Memento Mori Mr. Roboto

Brian was 7 and Christian was 8. Brian had bruises all over his body that his parents worried about with little chance of relenting. Brian was an active little boy, and active little boys tended to lose their mint condition awful quick. Little boys only last for about 12 years, then they become teenagers. Christian had the same amount of dings but he was made of stronger stuff. More or less, Christian would be forever what he was. His steel was coated and his circuits were shielded and he needed minimal upkeep.

They would play together and they were friends true as any but, there was an undercurrent of sadness in Christian. See robots get input from time to time, but mostly the mind they start with is the mind they keep. There in his mind, Christian knew that 1+1=2 and somewhere deeper he had access to actuarial tables. The discrepancy between Christian and Brian’s life expectancy was 910 years.

For a while Christian wouldn’t even talk to Brian; it was just too weird. Sure it had always been there but he didn’t use to like Brian. Brian use to be that little squirmy thing, unknowable: estimable but not knowable. Then Brian started talking and the little thing started to come up with these bizarre games that Christian was just enamored with. They would play for four hours straight and some how the human had more energy.

In one game, a tree had became a despot and the air was full of enemies to defeat that only they could see. So they kicked and grunted, as men do until they finally met the overlord of darkness itself. It towered over them but neither was afraid and soon it was vanquished, broken apart by Christian’s fist. Christian had thought it rather easy actually. That tree was an Sugar Maple and should of (by most respects) lived for another 200 years. By all respects, it was sturdier than Brian.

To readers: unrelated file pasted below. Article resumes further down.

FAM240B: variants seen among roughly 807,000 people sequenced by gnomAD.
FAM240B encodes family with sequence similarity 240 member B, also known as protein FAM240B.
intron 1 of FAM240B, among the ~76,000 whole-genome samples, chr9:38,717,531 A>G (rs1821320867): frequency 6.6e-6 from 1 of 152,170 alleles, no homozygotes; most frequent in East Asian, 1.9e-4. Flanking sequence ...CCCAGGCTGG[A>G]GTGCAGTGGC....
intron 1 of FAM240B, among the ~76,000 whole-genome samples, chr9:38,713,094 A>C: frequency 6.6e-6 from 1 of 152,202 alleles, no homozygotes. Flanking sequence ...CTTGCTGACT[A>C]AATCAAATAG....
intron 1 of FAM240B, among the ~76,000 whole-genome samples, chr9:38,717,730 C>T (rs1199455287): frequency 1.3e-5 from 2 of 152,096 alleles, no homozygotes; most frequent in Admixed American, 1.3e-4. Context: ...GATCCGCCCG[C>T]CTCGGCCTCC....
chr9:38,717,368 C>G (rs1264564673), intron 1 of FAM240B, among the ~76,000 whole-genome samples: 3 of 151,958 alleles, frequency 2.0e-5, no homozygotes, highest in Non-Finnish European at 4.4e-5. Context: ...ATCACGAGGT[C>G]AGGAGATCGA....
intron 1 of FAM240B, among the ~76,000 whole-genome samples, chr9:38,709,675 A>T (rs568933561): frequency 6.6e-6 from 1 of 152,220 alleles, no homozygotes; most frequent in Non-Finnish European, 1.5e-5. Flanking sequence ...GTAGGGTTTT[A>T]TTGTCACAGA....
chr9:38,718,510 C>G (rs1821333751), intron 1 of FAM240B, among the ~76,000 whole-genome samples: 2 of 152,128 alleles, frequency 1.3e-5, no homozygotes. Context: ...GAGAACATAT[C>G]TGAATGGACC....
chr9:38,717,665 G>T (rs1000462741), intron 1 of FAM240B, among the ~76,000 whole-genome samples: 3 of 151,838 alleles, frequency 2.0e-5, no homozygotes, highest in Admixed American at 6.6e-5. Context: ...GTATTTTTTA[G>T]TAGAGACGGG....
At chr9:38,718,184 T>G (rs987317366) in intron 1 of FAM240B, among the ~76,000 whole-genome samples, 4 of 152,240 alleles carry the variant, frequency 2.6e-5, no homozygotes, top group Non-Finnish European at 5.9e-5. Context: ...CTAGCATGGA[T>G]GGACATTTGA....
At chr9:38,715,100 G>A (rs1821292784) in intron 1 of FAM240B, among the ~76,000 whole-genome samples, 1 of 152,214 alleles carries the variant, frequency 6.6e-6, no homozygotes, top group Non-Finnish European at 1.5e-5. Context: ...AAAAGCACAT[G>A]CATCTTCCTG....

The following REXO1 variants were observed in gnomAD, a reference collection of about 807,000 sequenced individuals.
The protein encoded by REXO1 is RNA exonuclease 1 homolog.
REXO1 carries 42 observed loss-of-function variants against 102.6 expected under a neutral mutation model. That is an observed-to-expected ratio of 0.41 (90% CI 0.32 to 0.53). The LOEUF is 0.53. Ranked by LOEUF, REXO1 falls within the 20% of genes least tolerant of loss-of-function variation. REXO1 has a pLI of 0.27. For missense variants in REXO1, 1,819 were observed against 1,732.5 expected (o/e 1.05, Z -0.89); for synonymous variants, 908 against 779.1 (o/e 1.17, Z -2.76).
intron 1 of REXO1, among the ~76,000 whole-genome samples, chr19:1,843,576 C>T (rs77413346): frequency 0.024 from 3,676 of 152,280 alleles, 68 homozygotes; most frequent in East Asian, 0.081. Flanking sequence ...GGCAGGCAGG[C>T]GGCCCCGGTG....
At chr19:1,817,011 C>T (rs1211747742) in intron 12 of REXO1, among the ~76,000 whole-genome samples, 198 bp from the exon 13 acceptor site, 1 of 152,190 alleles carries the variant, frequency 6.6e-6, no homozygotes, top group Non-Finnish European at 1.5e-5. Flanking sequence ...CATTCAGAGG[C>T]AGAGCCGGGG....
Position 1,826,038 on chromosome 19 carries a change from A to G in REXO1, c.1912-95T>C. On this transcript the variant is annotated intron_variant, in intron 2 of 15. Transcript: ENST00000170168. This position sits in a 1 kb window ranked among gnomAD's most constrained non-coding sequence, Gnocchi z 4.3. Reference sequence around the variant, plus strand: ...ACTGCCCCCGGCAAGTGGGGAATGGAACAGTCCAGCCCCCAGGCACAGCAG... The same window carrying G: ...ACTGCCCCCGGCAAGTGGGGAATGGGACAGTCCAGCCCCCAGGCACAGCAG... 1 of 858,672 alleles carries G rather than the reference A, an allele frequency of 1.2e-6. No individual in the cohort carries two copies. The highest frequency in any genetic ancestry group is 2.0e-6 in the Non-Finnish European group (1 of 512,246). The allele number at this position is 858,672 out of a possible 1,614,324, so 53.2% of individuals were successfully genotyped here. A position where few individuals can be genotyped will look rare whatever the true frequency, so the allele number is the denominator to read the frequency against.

Christian was so distraught as to find solace in the company of Esther, a strange robot as old as a Sugar Maple could hope to be. Most robots had their people and once their people were gone a robot tended to wander away from humanity. Esther lived openly among humanity and most robots thought her queer for it. She welcomed the assumption with an odd cackle she had sampled from the elder women she had known. Along with her queer ways, she had developed a reputation as a good listener.

“Ma’am,”

“Esther. Life’s too short for formalities.”

It wasn’t but she was still an elder and therefore to be respected.

“Why do people have to die?”

“Well, they try not to but….”

“But what? Humans are smart. They can’t fix this?”

“Nope and neither can we.”

“Maybe if we get our scientists on this we could fix it?”

“We fix bits of it all the time, trouble is something else breaks.”

“So, there’s nothing I can do?”

“Nothing but enjoy what you got while you got it.”

“Never thought of Brian as a commodity.”

“You ain’t forever either.”

“But I’m going to live for a thousand years.”

“And you think that’s enough?”

She cackled madly as Christian left to process. She was obviously a lunatic. After a couple minutes of walking, he found Brian playing on a slide. He immediately decided to join him. Most of the children waiting behind Christian wished he hadn’t, but he fixed things well enough.

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1 Comment (+add yours?)

  1. Gil
    Sep 26, 2011 @ 08:36:40

    Brilliant!

    Reply

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